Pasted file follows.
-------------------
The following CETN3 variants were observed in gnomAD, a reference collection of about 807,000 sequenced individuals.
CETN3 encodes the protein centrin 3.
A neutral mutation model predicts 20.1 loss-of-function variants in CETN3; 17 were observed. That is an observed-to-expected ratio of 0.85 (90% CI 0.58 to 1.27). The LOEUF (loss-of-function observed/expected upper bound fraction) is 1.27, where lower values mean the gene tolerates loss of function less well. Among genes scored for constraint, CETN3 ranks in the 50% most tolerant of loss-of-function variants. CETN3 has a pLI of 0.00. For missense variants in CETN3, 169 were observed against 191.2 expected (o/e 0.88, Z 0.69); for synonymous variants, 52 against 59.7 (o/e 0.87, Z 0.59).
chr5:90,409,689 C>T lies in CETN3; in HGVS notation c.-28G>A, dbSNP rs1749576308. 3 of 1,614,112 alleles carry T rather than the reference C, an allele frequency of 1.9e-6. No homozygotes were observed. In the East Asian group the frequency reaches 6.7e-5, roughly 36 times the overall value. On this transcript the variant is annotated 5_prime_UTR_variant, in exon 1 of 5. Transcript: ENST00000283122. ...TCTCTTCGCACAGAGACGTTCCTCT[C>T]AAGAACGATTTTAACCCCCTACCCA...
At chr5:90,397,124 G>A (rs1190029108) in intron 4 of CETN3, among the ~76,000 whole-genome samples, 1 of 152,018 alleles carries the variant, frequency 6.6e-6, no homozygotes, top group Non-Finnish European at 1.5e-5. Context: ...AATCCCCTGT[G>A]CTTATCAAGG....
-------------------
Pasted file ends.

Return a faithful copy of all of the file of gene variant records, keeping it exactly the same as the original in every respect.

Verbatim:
The following CETN3 variants were observed in gnomAD, a reference collection of about 807,000 sequenced individuals.
CETN3 encodes the protein centrin 3.
A neutral mutation model predicts 20.1 loss-of-function variants in CETN3; 17 were observed. That is an observed-to-expected ratio of 0.85 (90% CI 0.58 to 1.27). The LOEUF (loss-of-function observed/expected upper bound fraction) is 1.27, where lower values mean the gene tolerates loss of function less well. Among genes scored for constraint, CETN3 ranks in the 50% most tolerant of loss-of-function variants. CETN3 has a pLI of 0.00. For missense variants in CETN3, 169 were observed against 191.2 expected (o/e 0.88, Z 0.69); for synonymous variants, 52 against 59.7 (o/e 0.87, Z 0.59).
chr5:90,409,689 C>T lies in CETN3; in HGVS notation c.-28G>A, dbSNP rs1749576308. 3 of 1,614,112 alleles carry T rather than the reference C, an allele frequency of 1.9e-6. No homozygotes were observed. In the East Asian group the frequency reaches 6.7e-5, roughly 36 times the overall value. On this transcript the variant is annotated 5_prime_UTR_variant, in exon 1 of 5. Transcript: ENST00000283122. ...TCTCTTCGCACAGAGACGTTCCTCT[C>T]AAGAACGATTTTAACCCCCTACCCA...
At chr5:90,397,124 G>A (rs1190029108) in intron 4 of CETN3, among the ~76,000 whole-genome samples, 1 of 152,018 alleles carries the variant, frequency 6.6e-6, no homozygotes, top group Non-Finnish European at 1.5e-5. Context: ...AATCCCCTGT[G>A]CTTATCAAGG....